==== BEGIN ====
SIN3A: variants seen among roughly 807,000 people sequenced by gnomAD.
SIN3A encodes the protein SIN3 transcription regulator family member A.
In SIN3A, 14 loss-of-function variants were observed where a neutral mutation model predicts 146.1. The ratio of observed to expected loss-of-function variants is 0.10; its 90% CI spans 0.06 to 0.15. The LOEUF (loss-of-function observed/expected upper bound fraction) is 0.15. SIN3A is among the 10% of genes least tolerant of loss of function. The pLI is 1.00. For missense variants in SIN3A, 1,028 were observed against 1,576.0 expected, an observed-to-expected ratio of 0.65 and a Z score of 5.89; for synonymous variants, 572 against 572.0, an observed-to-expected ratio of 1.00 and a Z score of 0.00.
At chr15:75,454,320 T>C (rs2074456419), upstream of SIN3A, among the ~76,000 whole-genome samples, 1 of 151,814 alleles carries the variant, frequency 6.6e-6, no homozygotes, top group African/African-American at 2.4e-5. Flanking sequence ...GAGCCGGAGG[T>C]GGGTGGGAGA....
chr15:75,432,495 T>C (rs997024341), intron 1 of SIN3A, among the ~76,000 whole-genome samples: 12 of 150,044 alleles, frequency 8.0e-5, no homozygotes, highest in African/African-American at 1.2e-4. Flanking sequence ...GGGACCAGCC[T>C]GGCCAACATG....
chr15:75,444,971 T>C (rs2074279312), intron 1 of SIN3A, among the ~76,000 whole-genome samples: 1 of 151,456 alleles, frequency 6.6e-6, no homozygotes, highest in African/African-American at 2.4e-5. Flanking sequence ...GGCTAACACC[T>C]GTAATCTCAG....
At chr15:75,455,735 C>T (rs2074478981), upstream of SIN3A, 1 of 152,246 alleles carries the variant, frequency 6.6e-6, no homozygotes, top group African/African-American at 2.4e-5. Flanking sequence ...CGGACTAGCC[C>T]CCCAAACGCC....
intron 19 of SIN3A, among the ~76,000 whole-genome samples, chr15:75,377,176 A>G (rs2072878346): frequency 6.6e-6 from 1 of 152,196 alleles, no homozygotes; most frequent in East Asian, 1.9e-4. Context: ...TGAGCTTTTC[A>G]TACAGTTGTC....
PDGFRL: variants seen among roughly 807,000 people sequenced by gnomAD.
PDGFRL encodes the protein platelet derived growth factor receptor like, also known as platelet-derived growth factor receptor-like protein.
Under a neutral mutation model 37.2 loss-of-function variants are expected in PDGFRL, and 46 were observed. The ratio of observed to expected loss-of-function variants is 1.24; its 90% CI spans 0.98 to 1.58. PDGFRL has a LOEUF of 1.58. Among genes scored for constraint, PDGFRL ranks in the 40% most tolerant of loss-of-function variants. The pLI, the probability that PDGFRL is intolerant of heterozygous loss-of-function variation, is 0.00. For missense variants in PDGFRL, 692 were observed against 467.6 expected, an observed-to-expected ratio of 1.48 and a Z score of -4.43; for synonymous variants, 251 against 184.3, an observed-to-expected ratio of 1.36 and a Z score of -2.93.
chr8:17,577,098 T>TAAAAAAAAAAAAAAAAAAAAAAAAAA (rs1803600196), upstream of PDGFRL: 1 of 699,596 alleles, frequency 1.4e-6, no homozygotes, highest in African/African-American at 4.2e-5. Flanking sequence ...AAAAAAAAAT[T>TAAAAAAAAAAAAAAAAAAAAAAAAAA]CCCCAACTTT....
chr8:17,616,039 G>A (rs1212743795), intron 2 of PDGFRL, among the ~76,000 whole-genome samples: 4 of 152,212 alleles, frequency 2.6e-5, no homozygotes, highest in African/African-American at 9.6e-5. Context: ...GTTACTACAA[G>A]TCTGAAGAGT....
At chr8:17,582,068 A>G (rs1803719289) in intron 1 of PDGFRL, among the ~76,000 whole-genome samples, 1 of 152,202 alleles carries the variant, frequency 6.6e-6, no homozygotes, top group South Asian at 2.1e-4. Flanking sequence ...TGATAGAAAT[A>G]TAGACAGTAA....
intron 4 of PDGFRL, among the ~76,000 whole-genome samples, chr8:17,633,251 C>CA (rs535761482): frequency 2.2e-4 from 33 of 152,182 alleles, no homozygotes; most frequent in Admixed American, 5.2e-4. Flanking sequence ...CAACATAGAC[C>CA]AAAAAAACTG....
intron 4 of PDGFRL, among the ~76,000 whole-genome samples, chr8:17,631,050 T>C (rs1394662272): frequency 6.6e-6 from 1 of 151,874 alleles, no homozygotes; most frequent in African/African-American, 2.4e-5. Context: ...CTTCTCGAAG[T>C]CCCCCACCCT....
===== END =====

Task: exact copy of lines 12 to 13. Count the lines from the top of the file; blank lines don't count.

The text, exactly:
chr8:17,577,098 T>TAAAAAAAAAAAAAAAAAAAAAAAAAA (rs1803600196), upstream of PDGFRL: 1 of 699,596 alleles, frequency 1.4e-6, no homozygotes, highest in African/African-American at 4.2e-5. Flanking sequence ...AAAAAAAAAT[T>TAAAAAAAAAAAAAAAAAAAAAAAAAA]CCCCAACTTT....
chr8:17,616,039 G>A (rs1212743795), intron 2 of PDGFRL, among the ~76,000 whole-genome samples: 4 of 152,212 alleles, frequency 2.6e-5, no homozygotes, highest in African/African-American at 9.6e-5. Context: ...GTTACTACAA[G>A]TCTGAAGAGT....